Monthly Archives: June 2010
For the past two weeks middle-school students from around Alaska and the country have been dancing, clowning, filming, sculpting, and doing just about every other kind of performance art in Sitka. The middle school session of the Sitka Fine Arts Camp culminates this week with a series of evening performances. The free shows start at 7 PM through Friday at the Sitka Performing Arts Center. KCAW’s Robert Woolsey dropped by rehearsals on Wednesday afternoon. He talked with students in the Mime class as they prepared for their eight minutes in the limelight, and sent this audio postcard.
Finland’s ambassador to the United States, Pekka Lintu, arrived in Sitka on Tuesday as part of a five day visit to Alaska.
Sitka’s Historic Preservation Commission needs assistance, according to some members of the Assembly. But that assistance didn’t come on Tuesday, when Assembly members voted down a proposal that would have created a "paid agent" to help streamline the review process for historic properties.
Sitka’s waters are cleaner thanks to the Jolly Roger and its Coastal Footprint Crew. So far the crew and its captain, Luis Hoock, have ventured out to Brent’s beach and the Apple Islands where they collected over five hundred pounds of human made debris, and one hot tub. The ship, which set sail from Juneau, is headed to the southern tip of Chile on a quest to collect and track plastics polluting the western coastline.
A fire swept through Elfin Cove’s waterfront early Saturday morning (6-19-10), destroying a lodge and a restaurant. No one was injured in the blaze. Fire officials credit a hastily-organized bucket brigade and a swift response from neighboring communities with saving the town from a total disaster.
David Dobler has been removed as president of Sheldon Jackson College. That decision comes about a week after the University of Dubuque backed out of a deal to manage the campus. He'll be replaced by John Holst, who will act as "manager," says the board's chairwoman.
On June 13th scientists from up and down the West Coast flooded Sitka’s tidal zones looking for species from a foreign land. Volunteers toting buckets and laminated pictures followed close behind, keeping a keen eye for Japanese kelp, Green crab and two species of invasive tunicates. The search was part of a larger effort, called a Bio Blitz to document the presence of foreign species along Sitka’s coastline and moorages. Scientists involved in the Blitz say it will act as a baseline to see just how many invasives make their home in Sitka’s waters.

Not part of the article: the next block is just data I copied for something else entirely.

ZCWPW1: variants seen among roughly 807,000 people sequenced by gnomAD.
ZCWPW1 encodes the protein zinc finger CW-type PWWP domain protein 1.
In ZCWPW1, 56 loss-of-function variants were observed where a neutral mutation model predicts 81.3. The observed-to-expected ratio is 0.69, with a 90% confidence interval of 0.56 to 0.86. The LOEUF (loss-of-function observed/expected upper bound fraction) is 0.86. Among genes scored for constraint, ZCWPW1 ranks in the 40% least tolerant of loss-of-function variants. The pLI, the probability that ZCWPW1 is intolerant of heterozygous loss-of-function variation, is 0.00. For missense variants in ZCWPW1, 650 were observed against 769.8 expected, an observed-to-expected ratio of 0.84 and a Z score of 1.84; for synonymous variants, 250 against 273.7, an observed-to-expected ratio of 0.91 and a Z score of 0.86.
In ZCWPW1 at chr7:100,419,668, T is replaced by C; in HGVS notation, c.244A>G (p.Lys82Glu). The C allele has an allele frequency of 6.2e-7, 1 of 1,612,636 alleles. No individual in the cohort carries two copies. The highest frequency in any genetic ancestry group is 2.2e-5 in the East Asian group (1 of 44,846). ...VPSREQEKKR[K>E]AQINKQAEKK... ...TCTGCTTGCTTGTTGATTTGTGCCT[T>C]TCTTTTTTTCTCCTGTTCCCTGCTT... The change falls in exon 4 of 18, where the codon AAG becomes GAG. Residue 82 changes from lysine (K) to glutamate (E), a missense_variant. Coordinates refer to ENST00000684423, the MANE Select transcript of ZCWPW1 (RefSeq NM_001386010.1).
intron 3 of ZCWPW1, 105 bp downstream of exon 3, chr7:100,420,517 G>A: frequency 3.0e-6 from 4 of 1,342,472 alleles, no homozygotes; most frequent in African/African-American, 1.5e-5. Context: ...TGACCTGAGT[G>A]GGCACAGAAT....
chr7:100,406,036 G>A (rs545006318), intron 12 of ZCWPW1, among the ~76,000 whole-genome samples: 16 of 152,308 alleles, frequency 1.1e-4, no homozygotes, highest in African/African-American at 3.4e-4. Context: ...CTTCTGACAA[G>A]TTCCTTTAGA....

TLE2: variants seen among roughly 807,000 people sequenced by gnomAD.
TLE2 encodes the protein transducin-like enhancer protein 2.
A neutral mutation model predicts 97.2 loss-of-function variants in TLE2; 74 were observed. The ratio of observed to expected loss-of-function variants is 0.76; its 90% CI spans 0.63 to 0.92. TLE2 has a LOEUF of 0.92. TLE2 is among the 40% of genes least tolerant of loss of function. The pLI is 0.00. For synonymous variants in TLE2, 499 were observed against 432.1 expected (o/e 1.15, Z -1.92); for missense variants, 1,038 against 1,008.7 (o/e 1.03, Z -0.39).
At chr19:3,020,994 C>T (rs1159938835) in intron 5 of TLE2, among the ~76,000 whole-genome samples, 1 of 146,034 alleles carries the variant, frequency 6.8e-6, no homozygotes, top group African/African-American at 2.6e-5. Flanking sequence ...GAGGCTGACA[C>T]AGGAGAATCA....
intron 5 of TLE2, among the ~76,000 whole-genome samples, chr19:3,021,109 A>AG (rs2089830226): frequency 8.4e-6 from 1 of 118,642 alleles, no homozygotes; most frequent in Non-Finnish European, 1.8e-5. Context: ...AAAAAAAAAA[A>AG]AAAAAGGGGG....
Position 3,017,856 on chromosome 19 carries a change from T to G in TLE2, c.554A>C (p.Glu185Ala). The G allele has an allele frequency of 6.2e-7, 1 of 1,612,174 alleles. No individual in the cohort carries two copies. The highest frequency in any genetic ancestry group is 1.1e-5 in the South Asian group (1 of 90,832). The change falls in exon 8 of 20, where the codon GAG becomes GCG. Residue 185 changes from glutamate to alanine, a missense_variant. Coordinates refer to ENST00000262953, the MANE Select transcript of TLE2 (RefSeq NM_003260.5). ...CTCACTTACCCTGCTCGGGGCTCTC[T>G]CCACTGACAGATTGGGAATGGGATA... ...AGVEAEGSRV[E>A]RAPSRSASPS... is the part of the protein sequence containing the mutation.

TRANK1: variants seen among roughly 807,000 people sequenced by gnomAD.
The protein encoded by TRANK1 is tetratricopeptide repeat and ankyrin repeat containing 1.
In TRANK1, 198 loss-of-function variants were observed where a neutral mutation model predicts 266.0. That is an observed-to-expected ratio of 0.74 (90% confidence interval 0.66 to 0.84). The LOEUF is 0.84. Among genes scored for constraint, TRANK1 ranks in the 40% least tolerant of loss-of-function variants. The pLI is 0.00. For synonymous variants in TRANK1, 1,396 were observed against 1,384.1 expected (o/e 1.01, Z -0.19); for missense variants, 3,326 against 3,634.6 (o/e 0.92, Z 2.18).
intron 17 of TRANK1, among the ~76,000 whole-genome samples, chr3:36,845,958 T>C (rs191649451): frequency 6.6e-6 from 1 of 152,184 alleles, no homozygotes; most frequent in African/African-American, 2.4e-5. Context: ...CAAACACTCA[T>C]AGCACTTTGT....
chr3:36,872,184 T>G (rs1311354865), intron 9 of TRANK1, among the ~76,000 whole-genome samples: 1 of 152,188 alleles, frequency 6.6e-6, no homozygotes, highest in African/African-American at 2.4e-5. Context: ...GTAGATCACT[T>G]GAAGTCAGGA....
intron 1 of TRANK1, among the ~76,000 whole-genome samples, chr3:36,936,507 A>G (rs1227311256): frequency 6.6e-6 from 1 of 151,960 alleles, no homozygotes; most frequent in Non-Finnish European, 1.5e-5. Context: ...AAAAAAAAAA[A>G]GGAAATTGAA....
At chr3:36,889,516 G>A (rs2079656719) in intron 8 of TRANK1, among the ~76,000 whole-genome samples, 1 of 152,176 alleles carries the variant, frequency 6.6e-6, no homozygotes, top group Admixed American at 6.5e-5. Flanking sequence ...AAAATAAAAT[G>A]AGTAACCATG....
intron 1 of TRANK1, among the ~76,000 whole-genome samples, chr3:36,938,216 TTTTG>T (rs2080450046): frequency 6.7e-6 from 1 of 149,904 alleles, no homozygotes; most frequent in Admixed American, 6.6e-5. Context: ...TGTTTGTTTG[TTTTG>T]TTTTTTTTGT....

The North Pacific Fishery Management Council wrapped up its June meeting in Sitka on Tuesday (6-15-10). During the meeting, which began June 7, the council advanced a measure to restructure a program that puts human observers on fishing vessels.
The new principal of Sitka High School brings with her decades of experience as a teacher and administrator across the country and around the world, including in Alaska. But she tells KCAW that her career in education was touched off after an event during her senior year of high school.
Pt. 2 of 2. Although forest restoration is officially the priority of the Forest Service, transforming policy goals into action can be hard. The Tongass in the summer of 2010 looks much like the Tongass in the summer of 2009, when US Secretary of Agriculture Tom Vilsack announced a bold new strategy for protecting the nation’s forests, preserving clean air and watersheds, exploring biomass and carbon markets, and all the while maintaining elements of a traditional forest products industry. Senators from predominantly western states, including Alaska, have opposed increasing funding for forest restoration, saying the recommended changes “go too far, too fast.” They’ve urged the Obama administration to maintain or increase funding for timber output in 2011. It’s a formula for political stalemate. But on the Tongass, salmon have changed the way people – including senators -- talk about forest restoration. In the final part of our series on forest restoration policy, KCAW’s Robert Woolsey examines the role fish have started to play in the rhetoric of restoration.